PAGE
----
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  5. "The horse sees the cat."

"The horse sees the cat."

Translation:O cavalo vê o gato.

February 6, 2013



'a gata' should also be accepted.


can horse be female too? A cavala?


Horses can be females too, but they have special names: mare. The same thing happens in Portuguese - we call a female horse a égua. Baby/Young horses (colt in English) are called o potro or o poldro.

"A cavala" is also a Portuguese noun, but it actually represents a type of fish (a mackerel).


thank you: some nouns are specific then. I will try not to mistake a makerel for a horse!


Yeah, some nouns for animals vary quite a lot between animals (especially farm animals, since they're usually strikingly dimorphic and have been used by humans for millennia):

  • O carneiro (male sheep) > A ovelha (female sheep)
  • O boi (bull, in general), also O touro (bull, when uncastrated) > A vaca (cow)
  • O bode (male goat) > A cabra (female goat)
  • O galo (rooster) > A galinha (hen)

Now you know the difference - "cavalas" belong in the sea, "cavalos e éguas" on land :)


We have similar in english: a stallion (?cavalo) a mare (egua), o carneiro would be a ram, ovelha is ewe, bode is billy goat, cabra is nanny goat, I'm wondering about the overall terms now though, is there a term for horse if you dont know the gender or do we tend to use the male term or always have to be specific?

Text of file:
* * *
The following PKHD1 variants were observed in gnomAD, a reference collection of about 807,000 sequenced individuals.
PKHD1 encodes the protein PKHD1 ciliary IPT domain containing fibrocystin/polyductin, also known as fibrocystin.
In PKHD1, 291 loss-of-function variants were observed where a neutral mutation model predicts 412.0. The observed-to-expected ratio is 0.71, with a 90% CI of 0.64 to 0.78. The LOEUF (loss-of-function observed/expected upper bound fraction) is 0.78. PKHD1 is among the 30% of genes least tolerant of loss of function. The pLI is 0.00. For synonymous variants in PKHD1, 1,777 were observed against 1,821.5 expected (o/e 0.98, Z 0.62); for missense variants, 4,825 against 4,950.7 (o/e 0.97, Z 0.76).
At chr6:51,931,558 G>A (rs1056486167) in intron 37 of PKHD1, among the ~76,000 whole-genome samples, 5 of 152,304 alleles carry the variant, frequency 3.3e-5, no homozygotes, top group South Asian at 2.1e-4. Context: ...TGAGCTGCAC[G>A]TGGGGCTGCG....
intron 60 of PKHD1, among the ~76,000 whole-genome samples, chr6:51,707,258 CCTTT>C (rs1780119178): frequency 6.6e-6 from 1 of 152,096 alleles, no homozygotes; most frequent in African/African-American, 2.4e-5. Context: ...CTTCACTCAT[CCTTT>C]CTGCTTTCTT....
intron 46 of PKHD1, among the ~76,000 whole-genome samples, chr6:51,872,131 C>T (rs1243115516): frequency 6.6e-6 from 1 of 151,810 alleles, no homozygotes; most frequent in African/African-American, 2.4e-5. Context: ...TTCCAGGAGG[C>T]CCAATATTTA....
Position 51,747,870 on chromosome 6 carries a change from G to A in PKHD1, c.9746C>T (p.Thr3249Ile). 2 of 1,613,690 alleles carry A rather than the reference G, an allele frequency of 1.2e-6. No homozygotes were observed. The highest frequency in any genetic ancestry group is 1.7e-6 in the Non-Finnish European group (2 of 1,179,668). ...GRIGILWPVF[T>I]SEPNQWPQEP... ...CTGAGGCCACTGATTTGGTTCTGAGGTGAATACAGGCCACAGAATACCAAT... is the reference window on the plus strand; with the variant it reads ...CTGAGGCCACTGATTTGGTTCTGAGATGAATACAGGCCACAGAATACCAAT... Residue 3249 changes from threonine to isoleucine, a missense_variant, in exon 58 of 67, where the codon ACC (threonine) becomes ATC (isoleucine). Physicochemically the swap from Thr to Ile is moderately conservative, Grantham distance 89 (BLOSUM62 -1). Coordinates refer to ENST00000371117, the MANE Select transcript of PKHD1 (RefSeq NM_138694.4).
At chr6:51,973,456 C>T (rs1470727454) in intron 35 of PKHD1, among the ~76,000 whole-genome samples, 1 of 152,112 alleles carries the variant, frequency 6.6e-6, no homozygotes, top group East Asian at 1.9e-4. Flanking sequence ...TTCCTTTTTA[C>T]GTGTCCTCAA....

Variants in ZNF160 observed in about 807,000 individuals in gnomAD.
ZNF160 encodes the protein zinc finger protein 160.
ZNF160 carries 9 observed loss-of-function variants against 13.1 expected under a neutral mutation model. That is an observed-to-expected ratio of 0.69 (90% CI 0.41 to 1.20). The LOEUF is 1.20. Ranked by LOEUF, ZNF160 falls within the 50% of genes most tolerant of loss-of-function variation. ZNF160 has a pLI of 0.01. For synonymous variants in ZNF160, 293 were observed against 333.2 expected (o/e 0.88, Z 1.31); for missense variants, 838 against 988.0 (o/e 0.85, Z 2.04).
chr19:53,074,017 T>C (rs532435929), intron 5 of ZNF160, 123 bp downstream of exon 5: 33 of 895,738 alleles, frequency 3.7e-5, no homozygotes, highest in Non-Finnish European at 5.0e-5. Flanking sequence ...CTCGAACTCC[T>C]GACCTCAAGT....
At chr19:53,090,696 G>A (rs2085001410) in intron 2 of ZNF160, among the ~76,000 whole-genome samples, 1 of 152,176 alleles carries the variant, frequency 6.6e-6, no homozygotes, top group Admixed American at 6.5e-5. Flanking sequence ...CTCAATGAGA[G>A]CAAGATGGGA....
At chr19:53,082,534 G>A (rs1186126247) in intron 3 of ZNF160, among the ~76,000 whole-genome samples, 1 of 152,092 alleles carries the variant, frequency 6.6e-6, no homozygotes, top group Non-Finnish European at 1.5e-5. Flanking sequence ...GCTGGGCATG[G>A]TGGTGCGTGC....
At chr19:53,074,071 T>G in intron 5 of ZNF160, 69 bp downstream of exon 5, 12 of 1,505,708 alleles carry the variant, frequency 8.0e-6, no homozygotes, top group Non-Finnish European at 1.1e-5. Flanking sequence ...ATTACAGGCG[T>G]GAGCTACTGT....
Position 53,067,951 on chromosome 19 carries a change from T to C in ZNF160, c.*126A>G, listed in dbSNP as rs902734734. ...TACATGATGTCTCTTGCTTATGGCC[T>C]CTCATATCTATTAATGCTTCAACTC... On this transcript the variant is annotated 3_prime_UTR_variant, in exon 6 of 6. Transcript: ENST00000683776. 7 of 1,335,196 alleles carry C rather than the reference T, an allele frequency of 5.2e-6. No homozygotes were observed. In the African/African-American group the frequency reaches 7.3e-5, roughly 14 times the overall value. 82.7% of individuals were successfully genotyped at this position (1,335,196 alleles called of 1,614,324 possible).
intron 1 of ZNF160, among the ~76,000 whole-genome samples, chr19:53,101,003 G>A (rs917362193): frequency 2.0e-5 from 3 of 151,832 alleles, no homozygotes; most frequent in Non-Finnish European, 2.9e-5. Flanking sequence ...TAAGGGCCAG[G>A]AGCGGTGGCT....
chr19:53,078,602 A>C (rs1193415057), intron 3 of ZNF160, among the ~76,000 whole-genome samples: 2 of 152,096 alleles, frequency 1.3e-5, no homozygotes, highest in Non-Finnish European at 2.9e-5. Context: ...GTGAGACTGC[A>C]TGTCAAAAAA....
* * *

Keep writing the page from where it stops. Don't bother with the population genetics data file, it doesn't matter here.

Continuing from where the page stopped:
One answer always leads on to another question!


"Cavalo" is a male horse, but the term for "stallion" is "garanhão" (since it covers only uncastrated horses/horses used kept for breeding, just like in English, it can also be used in reference to men who, well, act like stallions). In that sense, it's similar to the difference between boi (ox) and touro (bull). If you don't know whether the animal is castrated or not (but you can tell it's a male), use the general term - "cavalo" or "boi".

When you don't know the gender, people tend to use the most common name - but it's not clear cut which gender to choose; I'd use "cavalos" for horses, "porcos" for pigs, but "ovelhas" for sheep and "cabras" for goats. A group of roosters and hens will probably be called "galinhas" or "frangos". "Bois" vs. "Vacas" is more of a toss-up, but I'd personally use "vacas".


No. The verb "ver" does not require a preposition.


I don't understand how enxerga can be an option for "see" when used with the feminine "a gata". When I look up the meaning of this elsewhere it gives "pallet" Can someone explain what this word means?


"Ver" and "enxergar" are normally used interchangeably.



Thank you very much for clarifying! With most of the words I'm learning I remember them by associating them with the Latin or other root meaning or sound, but some of the words or phrases I can't associate them easily to make them memorable (like cachorro or tubarao which I know the first was a specific type of dog and the second bantu in origin)

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